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A defect-in-continuity in the canine femur: and in-vivo experimental model for the study of bone graft incorporation

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The in-vivo study of bone graft incorporation has traditionally used a segmental diaphyseal bone defect. This model reliably produces a nonunion, but is complicated by graft instability and altered limb loading stresses. The authors discuss the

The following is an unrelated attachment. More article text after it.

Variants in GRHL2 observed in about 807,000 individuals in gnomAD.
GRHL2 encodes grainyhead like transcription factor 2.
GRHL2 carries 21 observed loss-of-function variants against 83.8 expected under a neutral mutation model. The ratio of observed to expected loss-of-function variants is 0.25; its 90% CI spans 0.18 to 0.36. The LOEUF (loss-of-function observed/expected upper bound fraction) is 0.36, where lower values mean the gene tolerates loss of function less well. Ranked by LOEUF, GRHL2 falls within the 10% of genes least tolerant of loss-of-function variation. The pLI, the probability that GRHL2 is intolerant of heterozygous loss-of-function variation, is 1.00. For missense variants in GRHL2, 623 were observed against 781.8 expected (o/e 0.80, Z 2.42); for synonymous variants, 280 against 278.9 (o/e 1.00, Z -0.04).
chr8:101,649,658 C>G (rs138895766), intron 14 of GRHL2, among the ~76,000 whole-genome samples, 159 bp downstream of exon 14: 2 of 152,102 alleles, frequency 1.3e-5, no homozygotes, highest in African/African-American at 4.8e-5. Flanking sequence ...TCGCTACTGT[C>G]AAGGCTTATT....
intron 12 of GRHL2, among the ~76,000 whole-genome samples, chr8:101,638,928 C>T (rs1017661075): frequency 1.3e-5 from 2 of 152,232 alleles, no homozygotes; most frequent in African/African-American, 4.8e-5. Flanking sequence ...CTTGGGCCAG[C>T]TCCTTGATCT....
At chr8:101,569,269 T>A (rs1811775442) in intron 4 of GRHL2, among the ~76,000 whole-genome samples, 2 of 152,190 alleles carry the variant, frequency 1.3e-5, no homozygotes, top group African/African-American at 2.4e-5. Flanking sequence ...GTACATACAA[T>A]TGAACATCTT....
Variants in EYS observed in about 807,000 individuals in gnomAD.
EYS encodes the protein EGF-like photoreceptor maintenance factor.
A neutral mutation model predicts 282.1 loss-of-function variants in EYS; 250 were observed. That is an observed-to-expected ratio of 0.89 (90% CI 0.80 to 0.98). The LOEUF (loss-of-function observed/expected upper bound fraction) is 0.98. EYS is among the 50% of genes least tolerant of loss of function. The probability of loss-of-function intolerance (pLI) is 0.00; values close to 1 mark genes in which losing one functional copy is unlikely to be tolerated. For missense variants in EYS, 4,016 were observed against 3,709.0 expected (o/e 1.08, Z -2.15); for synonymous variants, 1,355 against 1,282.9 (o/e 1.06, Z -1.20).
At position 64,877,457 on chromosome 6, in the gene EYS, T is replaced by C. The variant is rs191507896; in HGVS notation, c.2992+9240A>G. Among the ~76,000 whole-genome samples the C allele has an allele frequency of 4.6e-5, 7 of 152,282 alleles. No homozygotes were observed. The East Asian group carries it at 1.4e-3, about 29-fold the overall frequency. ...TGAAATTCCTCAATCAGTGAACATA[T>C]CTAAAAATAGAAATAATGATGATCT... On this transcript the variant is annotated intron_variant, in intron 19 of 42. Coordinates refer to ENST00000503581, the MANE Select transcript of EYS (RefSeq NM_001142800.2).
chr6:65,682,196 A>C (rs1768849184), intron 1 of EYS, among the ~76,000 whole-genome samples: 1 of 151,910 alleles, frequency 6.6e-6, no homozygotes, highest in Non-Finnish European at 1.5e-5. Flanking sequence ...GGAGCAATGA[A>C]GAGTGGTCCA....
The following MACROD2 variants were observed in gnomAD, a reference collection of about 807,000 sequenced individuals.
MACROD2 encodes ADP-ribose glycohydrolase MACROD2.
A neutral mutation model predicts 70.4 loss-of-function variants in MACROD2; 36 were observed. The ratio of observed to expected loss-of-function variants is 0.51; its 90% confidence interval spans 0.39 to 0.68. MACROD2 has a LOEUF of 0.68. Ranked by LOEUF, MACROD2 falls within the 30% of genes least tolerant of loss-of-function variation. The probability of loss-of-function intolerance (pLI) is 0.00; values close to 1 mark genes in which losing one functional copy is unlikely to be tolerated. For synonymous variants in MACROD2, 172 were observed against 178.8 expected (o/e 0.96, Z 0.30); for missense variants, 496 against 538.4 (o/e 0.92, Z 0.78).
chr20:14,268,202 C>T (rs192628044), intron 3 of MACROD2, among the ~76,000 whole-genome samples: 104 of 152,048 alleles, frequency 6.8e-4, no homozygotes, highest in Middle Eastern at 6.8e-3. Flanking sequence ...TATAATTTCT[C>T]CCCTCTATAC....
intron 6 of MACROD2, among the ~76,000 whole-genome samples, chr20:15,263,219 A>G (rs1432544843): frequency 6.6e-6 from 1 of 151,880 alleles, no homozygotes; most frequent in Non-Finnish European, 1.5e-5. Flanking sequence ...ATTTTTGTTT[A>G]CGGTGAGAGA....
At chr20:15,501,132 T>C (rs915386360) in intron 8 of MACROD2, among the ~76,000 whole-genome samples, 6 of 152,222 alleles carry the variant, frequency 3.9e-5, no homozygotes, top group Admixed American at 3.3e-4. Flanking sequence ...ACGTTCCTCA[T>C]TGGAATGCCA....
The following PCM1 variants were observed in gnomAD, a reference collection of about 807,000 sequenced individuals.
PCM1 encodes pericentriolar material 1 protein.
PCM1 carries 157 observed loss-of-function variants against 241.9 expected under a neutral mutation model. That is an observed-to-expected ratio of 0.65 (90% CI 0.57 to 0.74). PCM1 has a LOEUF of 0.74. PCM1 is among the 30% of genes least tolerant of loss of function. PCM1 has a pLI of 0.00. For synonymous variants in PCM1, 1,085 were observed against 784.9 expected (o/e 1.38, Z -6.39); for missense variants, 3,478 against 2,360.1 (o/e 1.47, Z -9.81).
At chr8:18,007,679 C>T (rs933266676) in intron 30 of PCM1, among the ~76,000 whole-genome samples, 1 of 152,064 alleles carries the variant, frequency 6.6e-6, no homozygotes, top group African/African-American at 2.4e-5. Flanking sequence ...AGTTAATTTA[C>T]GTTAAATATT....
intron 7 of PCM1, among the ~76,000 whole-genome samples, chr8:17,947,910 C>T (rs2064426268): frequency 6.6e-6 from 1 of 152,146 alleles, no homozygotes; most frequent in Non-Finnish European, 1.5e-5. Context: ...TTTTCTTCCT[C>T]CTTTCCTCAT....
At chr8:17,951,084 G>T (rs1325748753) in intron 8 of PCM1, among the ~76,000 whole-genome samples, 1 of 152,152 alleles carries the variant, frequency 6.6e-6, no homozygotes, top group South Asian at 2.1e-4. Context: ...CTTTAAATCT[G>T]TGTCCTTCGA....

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  YALEJOURNALOF BIOLOGY AND MEDICINE 66 (1993), pp. 157-163 Copyright C) 1993. All rights rcserved. A Defect-in-Continuity in the CanineFemur: and In-Vivo Experimental Model for the Study of Bone Graft Incorporation Ronald W. Lindsey, M.D.a, Theodore Miclau, M.D.b,Robert Probe, M.D.C, and Stephan Perren, M.D.d aDepartment of Orthopaedic Surgery, Baylor College of Medicine, Houston,Texas bDepartment of Orthopaedics, University of North Carolina, Chapel Hill, North Carolina cDepartment of Orthoapedics, Scott   White Clinic, Temple, Texas dLaboratorium Fur experimentelle Chirurgie, Schweizerisches Forschangsinstitut,Switzerland (Submitted March 8, 1993; sent for revision April 3; received and accepted May 20, 1993) The in-vivo study ofbone graft incorporation has traditionally used a segmental diaphyseal bone defect. This model reliably produces a nonunion, but is com- plicated by graft instability and altered limb loading stresses. The authors dis- cuss the advantages of a defect-in-continuity canine femurmodel which pro- duces a more consistent union with fewermechanical complicationsdespite the absence of fixation. Thisproposed model permits analysis of radiographic, his- tologic andbiomechanical data which are more applicable to the usual clinical settingin which bone graft is required. INTRODUCTION Bone graft is commonly employed to promote fracture healing [1]. Most studies examiningbone graft incorporation have used a segmental defect model in diaphyseal bone. Although this model producescomplete strength diminution, [2, 3] the segmental defect model is compromisedby the need for supplementary fixation, potential graft dis- placement, and frequent nonunion [4, 5]. An experimental model utilizing a partial defect in otherwise intact bone (defect-in- continuity) protects graft material, is inherently stable, obviates the need for supplemental fixation, and is less apt to be complicated by nonunion [6]. In addition, a defect-in-con- tinuity is more representative of the usual clinical situations requiring bone grafting than is the segmental defect. The purpose of this study was to determine if a defect-in-continuity canine model for bone graft incorporation could be employed in vivo withoutsupplemental fixation, avoid frequent limb fracture, yet provide an experimental model for radiographic, biomechani- cal, and histologic graft analysis. MATERIALS AND METHODS Twenty-nine fully immunized and quarantined adult mongreldogs weighing 19-24kilograms were obtained. Maturity was confirmed by x-ray examinationof the distal femoral physes. Under sterile operating room conditions, a lateral surgical approach was aTo whom correspondence shouldbe addressed. Ronald W. Lindsey, M.D., Department of Orthopaedic Surgery, 6550 Fannin, Suite 2625, Houston, Texas, 77030. 157  Lindsey et al.: Bone graft incorporation performed to the mid-diaphysis ofboth femurs. A standard oblong unicorticaldefect measuring 4.5mm x 30mm was created in theanterolateral femoral cortex using a trephine inserted under power into guide holes(Figure 1). The 4.5mm wide defect width reliably exceeded 20 of thebone s diameter which has been shown to decrease torsional strength 34 - 40 [7, 8] (mean outer diameter of 15.9 mm, mean inner diameter of 11.3 mm) (Figure 2). The oblong configuration with rounded edges minimizes the stressriser effect of the defect [9]. Pairs of cadaver femurs from adult dogs of comparable size were torsionally tested to failure to determine thestrength of the defect versus intact bone. The study was designed to be part of a broader experiment to examine the healing potential of a bone graft/antibiotic composite.Therefore, after the defect was curetted of all medullary tissue, 3 g of morselized autogenous bone graft was placed in one defect as the control, and 3 g of bone graft was mixed with 90 mg of tobramycin and placed in the contralateraldefect. Autogenousbone graft was harvested from the proximalhumerus, and the residual humeral defect was filled with methylmethacrylate. Fixation was not employed post-operatively. All animals were allowed to function immediately without restriction. The animals were sacrificed at the following post-operative times: 1 week, 2 weeks, 3 weeks,4weeks, 6 weeks, and 12 weeks. All specimens were x-rayed with coronal and sagittal plain views post-operatively and at the time of sacrifice. Following sacrifice at the respective time interval, the specimens were prepared for histological analysis. The femurs were cut at both ends to allow for penetration of the fix- ative intothe marrow. The specimens were placedthrough a series ofascending alcoholsolutions for 3 days each: 40 , 80 , 96 , 100 , and Xylol. The specimenswere then placed in three different methylmethacrylate solutions forthree dayseach (pure methyl- methacrylate, 100 mL of methylmethacrylate plus 2 g of dibencoyl peroxide, and 100 mL of methylmethacrylate plus dibencoyl peroxide and35 mL of plastoid). After fixation,the hardened methylmethacrylate bone was sectioned transversely into six blocks startingat 1 cm proximal to defect and continued at 1 cm intervals distallyto 2 cm below the defect (Figure 3). From the proximal portion of e h block,3 200 mm sections were cut with a Leitz 1600 microtome. Two of the sections were groundbetween 75 - 90 micrometer thickness, and each stained with Giemsa and Fucsin, and mounted. The third 200 mm section was ground to a thickness between 40- 60 micrometers and microradiographed with the Faxitron. The specimens were evaluatedusing a Zeiss light microscope. Figure 1. The standard 4.5 mm x 30 mm oblong unicortical defect-in-continuity is demon- strated in the anterolateral mid-diaphysis cortex of acaninecadaverfemur. 158  Lindsey et al.: Bone graft incorporation Figure 2. The defect s4.5 mm width consis- tently exceeded 20 of the canine s femur mid-diaphysis diameter, thereby signifi- cantly decreasing the limb storsional strength and permittingbiomechanical assessment of graft healing. Figure 3. For histologicalanalysis, transverse sections at varying Intervals could be obtained both throughout the defect and at adjacent bone sites. RESULTS The paired cadaver specimens subjected to torsion testing demonstrated a mean tor- sional failure of the intact femur at 455 in/lb, and the defect-in-continuity limb at 195 in/lb. Therefore, thestandarddefect diminished strength by 42 of the intact strength. In twenty-nine dogs (fifty-eightlimbs), seven fractures (12 of all limbs) occurred in six 159  Lindsey et al.: Bone graft incorporation - IMF Flgure 4 (A, B, and C). Radigraphs ofcanine femurs sacrificed at 2, 6, and 12 weeks depict the progression of defect healing with reconstitution of the cortex andmedullary canaL dogs (20 of all dogs) prior to sacrifice. All fractures presented as a spiral fracture through the defect and occurredwithin the first two weeks at a meanof 6.2 days follow-ing surgery (range 2 - 14 days). Therewere no infections or cases of graft dislodgemenL Plain radiographs at 2,6, and 12 weeks could easilyquantitatethe progression of healing of the defect(Figure 4). Detailed histologic and microradiographic analysiscould be performed at varying levels of the defect permitting detailed studyof not only graft incorporation at varying points in time, but also its effect on the adjacent intact bone (Figures 5, 6). DISCUSSION Segmental bone defects have historically provided an excellent in-vivo non-union model. When the defect is placed in the ulna orfibula of alimb with an intact radius or tibia, unrestricted activity can be maintained (weight-bearing) without the need for addi- tionalfixation [2, 5]. The defect creates complete strength diminution in the ulna/fibula, permitting excellent biomechanical monitoring of the healing bone graft. However, this model has been plagued by an extremely highcomplication rate which includes graft dis- lodgement, undesired nonunion, and infectionreport to be approximately 25 [2, 5]. Despite the presence of an intact radius or tibia, the normal loading stresses on the grafted ulna/fibula are altered inthis model. Moreover, this type of defect does not representthe most common clinical setting requiring a bone graft. Similar to same segmental defect models, the proposed defect-in-continuity model in 160  Lindsey et al.: Bone graft incorporation Figure 5 (A, B, and C). Histology sections through thedefect at 2,6, and 12 weeks permits temporal analysis of bone gr ft incorporation from a fibrous clot with sparse callus, to appo- sitional bone formation on the graft s trabecular surface,to completebridging ofthe defect by cortical compact bone. 161